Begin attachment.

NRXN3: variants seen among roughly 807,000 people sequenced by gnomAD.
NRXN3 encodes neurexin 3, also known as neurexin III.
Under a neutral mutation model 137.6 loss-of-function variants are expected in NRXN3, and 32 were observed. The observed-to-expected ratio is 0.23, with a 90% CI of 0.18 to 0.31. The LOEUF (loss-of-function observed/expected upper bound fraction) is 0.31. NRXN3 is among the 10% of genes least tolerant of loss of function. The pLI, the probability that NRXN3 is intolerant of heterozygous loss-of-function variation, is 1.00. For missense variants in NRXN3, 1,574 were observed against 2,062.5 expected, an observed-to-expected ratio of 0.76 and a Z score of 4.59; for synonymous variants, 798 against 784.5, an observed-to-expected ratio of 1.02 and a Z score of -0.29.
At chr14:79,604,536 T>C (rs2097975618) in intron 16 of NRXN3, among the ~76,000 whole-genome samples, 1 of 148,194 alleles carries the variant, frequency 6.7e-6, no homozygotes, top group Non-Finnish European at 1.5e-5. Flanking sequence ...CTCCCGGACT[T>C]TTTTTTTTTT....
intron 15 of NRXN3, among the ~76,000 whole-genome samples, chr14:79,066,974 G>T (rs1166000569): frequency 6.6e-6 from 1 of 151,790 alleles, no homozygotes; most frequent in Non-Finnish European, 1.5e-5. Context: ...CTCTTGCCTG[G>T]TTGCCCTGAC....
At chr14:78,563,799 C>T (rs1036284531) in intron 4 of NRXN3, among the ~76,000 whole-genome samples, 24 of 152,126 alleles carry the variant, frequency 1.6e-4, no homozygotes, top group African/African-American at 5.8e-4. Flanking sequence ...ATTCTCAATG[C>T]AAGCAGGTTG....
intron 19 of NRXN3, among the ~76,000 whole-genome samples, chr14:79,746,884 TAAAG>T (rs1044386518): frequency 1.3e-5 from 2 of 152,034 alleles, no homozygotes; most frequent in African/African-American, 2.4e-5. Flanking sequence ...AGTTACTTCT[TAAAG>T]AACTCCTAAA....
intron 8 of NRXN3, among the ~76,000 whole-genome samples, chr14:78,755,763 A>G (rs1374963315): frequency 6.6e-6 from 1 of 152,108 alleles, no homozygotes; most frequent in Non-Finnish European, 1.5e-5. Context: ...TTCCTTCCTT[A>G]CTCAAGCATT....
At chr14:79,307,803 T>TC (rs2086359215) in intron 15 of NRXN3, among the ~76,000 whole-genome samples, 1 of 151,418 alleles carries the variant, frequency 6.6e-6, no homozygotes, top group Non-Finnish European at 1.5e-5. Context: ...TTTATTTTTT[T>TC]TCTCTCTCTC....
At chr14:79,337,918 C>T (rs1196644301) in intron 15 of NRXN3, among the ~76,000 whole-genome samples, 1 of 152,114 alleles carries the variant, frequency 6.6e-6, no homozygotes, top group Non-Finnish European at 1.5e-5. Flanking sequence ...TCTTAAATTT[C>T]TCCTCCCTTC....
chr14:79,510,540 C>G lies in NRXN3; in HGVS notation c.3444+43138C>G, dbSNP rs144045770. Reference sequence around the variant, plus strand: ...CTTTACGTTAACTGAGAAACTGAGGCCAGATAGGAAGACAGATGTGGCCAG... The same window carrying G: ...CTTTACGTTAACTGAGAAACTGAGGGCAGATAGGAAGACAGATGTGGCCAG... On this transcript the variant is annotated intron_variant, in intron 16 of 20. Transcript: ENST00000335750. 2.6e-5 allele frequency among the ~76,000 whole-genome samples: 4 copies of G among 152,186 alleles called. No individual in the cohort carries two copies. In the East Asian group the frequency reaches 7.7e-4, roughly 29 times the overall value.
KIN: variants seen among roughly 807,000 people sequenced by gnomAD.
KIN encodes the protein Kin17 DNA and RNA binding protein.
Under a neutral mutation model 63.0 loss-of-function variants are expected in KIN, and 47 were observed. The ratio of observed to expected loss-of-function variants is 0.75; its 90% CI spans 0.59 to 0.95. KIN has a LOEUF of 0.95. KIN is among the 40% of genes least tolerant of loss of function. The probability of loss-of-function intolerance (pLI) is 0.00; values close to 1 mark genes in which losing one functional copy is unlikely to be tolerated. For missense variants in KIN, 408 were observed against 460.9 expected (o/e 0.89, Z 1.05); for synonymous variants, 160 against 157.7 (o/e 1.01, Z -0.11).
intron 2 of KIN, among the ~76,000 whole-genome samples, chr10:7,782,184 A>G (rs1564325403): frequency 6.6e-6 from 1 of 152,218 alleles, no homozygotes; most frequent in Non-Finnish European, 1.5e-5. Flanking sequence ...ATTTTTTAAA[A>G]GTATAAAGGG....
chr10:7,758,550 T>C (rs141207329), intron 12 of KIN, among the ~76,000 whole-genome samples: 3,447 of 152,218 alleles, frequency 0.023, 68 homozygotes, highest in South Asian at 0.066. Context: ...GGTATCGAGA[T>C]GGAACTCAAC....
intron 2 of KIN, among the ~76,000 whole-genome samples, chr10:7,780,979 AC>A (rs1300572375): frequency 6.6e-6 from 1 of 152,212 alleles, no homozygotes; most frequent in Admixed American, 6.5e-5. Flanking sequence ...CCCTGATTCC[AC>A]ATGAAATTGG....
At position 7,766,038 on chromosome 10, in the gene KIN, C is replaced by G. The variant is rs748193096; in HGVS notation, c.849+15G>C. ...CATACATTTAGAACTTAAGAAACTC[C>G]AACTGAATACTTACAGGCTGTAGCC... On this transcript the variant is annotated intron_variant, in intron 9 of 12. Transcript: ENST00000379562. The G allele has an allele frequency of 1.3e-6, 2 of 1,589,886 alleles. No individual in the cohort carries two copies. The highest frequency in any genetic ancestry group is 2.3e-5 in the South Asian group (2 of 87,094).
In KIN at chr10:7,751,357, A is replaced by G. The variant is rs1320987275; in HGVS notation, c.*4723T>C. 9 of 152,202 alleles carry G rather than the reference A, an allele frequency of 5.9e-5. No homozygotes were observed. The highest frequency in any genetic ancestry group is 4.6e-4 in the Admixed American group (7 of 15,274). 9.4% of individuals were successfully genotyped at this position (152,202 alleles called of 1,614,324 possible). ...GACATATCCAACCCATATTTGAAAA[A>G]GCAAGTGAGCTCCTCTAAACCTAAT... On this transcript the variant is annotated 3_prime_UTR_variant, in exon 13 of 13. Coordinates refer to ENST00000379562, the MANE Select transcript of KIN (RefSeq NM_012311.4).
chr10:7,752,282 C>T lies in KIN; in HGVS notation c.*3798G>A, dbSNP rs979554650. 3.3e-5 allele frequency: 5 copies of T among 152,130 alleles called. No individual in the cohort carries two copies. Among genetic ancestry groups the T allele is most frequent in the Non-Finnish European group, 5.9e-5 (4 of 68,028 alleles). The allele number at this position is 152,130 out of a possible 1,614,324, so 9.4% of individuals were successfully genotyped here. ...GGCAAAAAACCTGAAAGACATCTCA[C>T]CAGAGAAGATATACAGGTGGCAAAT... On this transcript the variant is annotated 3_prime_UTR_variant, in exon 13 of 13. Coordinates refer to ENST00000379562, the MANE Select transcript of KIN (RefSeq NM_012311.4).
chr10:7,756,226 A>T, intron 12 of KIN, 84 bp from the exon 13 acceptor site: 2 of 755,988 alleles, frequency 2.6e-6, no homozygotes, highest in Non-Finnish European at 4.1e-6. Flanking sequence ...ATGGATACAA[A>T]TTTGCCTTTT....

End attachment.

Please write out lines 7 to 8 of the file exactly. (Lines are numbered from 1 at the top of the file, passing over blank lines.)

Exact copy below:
intron 19 of NRXN3, among the ~76,000 whole-genome samples, chr14:79,746,884 TAAAG>T (rs1044386518): frequency 1.3e-5 from 2 of 152,034 alleles, no homozygotes; most frequent in African/African-American, 2.4e-5. Flanking sequence ...AGTTACTTCT[TAAAG>T]AACTCCTAAA....
intron 8 of NRXN3, among the ~76,000 whole-genome samples, chr14:78,755,763 A>G (rs1374963315): frequency 6.6e-6 from 1 of 152,108 alleles, no homozygotes; most frequent in Non-Finnish European, 1.5e-5. Context: ...TTCCTTCCTT[A>G]CTCAAGCATT....